Research Papers: Fundamental Issues and Canonical Flows

Investigation of Wave Characteristics in Oscillatory Motion of Partially Filled Rectangular Tanks

[+] Author and Article Information
M. Ozbulut

Engineering Faculty,
Piri Reis University,
Istanbul 34940, Turkey
e-mail: mozbulut@pirireis.edu.tr

N. Tofighi

Department of Mechanical Engineering,
University of Victoria,
Victoria, BC V8P 5C2, Canada
e-mail: ntofighi@uvic.ca

O. Goren

Faculty of Naval Architecture and
Ocean Engineering,
Istanbul Technical University,
Istanbul 34469, Turkey
e-mail: ogoren@itu.edu.tr

M. Yildiz

Integrated Manufacturing Technologies Research
and Application Center,
Sabanci University,
Tuzla 34956, Istanbul, Turkey;
Composite Technologies Center of Excellence,
Sabanci University-Kordsa,
Istanbul Technology Development Zone,
Sanayi Mah. Teknopark Blvd. No: 1/1B,
Pendik 34906, Istanbul, Turkey;
Faculty of Engineering and Natural Sciences,
Sabanci University,
Tuzla 34956, Istanbul, Turkey
e-mail: meyildiz@sabanciuniv.edu

1Corresponding author.

Contributed by the Fluids Engineering Division of ASME for publication in the JOURNAL OF FLUIDS ENGINEERING. Manuscript received November 23, 2016; final manuscript received October 15, 2017; published online December 4, 2017. Assoc. Editor: Samuel Paolucci.

J. Fluids Eng 140(4), 041204 (Dec 04, 2017) (11 pages) Paper No: FE-16-1765; doi: 10.1115/1.4038242 History: Received November 23, 2016; Revised October 15, 2017

Simulations of oscillatory motion in partially filled rectangular tanks with different tank geometries, fullness ratios, and motion frequencies are presented. Smoothed particle hydrodynamics (SPH) method is used to discretize the governing equations together with new velocity variance-based free surface (VFS) and artificial particle displacement (APD) algorithms to enhance the robustness and the accuracy of the numerical scheme. Two-dimensional (2D) oscillatory motion is investigated for three different scenarios where the first one scrutinizes the kinematic characteristics in resonance conditions, the second one covers a wave response analysis in a wide range of enforced motion frequencies, and the last one examines the dynamic properties of the fluid motion in detail. The simulations are carried on for at least 50 periods in the wave response analysis. It is shown that numerical results of the proposed SPH scheme are in match with experimental and numerical findings of the literature.

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Fig. 6

The comparison of wave elevations near wall with D/L = 0.35, A/L = 0.05

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Fig. 5

Comparison of the (a) time histories of the free-surface elevations and (b) corresponding frequency analysis at the left wall at x= −0.815 m for case 1-b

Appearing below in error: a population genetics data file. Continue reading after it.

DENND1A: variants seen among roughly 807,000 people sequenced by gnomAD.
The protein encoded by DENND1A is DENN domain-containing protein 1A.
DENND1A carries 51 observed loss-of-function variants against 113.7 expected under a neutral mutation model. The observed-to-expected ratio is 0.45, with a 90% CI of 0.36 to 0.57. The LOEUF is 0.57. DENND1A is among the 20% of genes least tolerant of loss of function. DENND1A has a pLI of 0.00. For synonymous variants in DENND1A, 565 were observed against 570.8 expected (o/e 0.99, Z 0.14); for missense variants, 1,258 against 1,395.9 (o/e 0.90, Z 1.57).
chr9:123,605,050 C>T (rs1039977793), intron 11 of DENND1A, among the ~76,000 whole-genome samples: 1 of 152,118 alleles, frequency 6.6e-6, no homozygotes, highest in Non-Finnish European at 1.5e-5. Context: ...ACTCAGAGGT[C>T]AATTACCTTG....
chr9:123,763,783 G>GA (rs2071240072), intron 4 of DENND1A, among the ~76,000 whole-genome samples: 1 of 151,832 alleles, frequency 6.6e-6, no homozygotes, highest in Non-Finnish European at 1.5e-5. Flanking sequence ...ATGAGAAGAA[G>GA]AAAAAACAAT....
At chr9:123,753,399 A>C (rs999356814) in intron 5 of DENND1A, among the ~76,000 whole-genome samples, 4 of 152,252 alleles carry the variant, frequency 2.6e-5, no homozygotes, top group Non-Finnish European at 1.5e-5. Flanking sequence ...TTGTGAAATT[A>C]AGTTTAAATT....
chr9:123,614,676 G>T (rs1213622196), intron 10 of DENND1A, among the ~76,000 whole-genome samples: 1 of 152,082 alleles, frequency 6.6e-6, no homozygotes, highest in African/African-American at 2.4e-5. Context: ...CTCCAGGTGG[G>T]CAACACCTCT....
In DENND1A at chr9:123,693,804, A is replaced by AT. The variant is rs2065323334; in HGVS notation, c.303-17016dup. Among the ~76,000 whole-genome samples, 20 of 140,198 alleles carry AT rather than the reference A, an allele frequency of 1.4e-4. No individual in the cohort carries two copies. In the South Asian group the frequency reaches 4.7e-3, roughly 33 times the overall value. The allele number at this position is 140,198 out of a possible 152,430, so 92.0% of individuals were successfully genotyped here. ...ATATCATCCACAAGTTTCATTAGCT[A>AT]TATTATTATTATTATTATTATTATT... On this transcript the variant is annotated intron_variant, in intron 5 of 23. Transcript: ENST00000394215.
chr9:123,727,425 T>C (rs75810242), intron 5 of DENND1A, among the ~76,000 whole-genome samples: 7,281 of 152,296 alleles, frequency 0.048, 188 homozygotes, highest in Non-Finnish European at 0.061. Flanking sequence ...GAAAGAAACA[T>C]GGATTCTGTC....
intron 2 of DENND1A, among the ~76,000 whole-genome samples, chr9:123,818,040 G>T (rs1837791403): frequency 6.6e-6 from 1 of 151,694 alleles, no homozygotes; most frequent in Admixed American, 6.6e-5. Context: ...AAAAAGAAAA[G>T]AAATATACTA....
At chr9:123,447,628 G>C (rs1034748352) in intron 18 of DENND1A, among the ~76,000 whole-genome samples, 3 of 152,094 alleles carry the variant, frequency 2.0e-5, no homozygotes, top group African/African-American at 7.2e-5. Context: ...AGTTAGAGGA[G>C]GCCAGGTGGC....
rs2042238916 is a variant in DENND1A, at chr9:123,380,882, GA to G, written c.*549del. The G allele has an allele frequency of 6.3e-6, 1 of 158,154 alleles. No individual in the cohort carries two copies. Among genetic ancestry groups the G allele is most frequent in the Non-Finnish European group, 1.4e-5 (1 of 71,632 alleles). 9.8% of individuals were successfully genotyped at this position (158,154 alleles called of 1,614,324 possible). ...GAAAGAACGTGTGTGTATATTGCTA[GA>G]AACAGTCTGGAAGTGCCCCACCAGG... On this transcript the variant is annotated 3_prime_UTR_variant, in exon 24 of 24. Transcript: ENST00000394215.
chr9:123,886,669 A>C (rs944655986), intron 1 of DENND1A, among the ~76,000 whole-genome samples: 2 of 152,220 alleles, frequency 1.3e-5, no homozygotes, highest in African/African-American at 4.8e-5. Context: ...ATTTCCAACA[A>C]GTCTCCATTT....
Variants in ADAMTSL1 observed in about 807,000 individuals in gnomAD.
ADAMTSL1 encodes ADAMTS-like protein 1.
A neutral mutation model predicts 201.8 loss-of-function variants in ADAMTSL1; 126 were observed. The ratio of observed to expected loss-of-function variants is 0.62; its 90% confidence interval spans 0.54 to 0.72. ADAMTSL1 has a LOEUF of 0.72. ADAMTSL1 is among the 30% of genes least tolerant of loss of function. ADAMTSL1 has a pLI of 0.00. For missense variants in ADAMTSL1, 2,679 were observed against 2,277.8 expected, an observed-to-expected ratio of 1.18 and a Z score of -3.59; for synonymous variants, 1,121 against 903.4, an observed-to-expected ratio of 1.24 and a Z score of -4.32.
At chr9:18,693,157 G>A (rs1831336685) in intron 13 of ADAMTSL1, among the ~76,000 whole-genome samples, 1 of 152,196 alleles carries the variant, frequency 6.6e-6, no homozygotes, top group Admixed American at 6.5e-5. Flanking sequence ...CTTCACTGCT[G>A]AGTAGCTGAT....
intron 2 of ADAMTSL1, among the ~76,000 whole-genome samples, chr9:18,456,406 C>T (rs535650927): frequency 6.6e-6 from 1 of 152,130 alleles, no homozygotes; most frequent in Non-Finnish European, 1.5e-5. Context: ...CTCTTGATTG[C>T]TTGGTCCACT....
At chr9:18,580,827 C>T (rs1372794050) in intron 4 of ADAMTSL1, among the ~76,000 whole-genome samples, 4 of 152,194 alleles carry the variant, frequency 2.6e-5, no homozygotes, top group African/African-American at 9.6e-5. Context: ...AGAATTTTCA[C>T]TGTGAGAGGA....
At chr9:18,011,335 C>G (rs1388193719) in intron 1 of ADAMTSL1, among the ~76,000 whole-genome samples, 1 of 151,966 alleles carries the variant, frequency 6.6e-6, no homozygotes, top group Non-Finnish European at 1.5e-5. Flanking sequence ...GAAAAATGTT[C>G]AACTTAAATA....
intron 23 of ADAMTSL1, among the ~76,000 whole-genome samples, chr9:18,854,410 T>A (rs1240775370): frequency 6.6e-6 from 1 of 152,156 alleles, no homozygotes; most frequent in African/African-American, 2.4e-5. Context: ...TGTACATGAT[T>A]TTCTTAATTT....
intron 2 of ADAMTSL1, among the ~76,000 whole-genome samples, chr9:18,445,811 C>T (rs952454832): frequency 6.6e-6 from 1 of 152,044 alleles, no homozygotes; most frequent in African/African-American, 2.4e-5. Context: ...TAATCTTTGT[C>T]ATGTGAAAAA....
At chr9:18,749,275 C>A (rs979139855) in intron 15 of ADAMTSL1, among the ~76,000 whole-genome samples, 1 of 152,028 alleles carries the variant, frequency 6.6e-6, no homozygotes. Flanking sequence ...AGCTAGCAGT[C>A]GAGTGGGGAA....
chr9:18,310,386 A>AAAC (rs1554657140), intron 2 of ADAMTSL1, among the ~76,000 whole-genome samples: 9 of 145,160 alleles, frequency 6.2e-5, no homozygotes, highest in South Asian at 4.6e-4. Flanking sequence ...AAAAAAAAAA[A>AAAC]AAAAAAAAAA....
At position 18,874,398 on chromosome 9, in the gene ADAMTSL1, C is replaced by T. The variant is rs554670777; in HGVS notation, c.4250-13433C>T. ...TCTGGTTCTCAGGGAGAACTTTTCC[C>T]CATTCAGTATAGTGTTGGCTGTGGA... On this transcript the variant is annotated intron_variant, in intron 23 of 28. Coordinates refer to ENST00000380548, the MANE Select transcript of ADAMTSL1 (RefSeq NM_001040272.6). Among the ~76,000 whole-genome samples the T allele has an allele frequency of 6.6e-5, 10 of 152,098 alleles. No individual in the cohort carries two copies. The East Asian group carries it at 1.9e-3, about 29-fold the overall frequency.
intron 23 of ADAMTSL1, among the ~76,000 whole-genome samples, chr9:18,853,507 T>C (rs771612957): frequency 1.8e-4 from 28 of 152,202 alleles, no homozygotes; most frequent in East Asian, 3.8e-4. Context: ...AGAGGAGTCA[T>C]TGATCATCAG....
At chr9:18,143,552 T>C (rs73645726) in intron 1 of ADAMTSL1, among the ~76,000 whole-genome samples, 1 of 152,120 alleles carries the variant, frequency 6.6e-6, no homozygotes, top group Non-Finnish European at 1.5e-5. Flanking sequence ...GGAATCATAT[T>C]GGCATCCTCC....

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Fig. 4

Comparison of the (a) time histories of the free-surface elevations and (b) corresponding frequency analysis at x= −0.815 m for case 1-a

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Fig. 3

Comparison of the three different particle resolutions with experimental results (a) time histories of the free-surface elevations and (b) corresponding frequency analysis at x=−0.815 m for case 1-a

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Fig. 2

The representative geometry for the sway-sloshing simulations

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Fig. 1

The view of free surface and fully populated regions during the evolution of sway-sloshing motion at t ∼ 20 s (a) and the conservation of final volume at t = 25 s for the dam-break problem with the local velocity coefficient in the APD treatment (b)

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Fig. 7

Positions where pressure time series are calculated; dimensions are given in millimeters

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Fig. 8

Comparison of the pressure time histories at P1: (a) experimental results reported in Ref. [13], (b) results of this study, and (c) numerical results reported in Ref. [13]

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Fig. 9

Quantitative comparison of the consecutive hits at pressure points P2 and P3. Horizontal lines indicate the mean impact pressure values where straight, dash-dot and dashed line types stands for the results of model test, present study and computational results of [13], respectively. (a) Consecutive pressure beat at point P2 and (b) consecutive pressure beat at point P3.

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Fig. 10

Comparison of the pressure time histories at P4: (a) experimental results reported in Ref. [13], (b) results of this study, and (c) numerical results reported in Ref. [13]

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Fig. 11

The snapshots of the free-surface profiles and pressure field between the time interval 10.54–11.17 s. The pressure values are given in kPa: (a) free-surface profile and pressure field at t1 = 10:54 s, (b) free-surface profile and pressure field at t2 = 10:64 s, (c) free-surface profile and pressure field at t3 = 10:86 s, and (d) free-surface profile and pressure field at t4 = 11:17 s.



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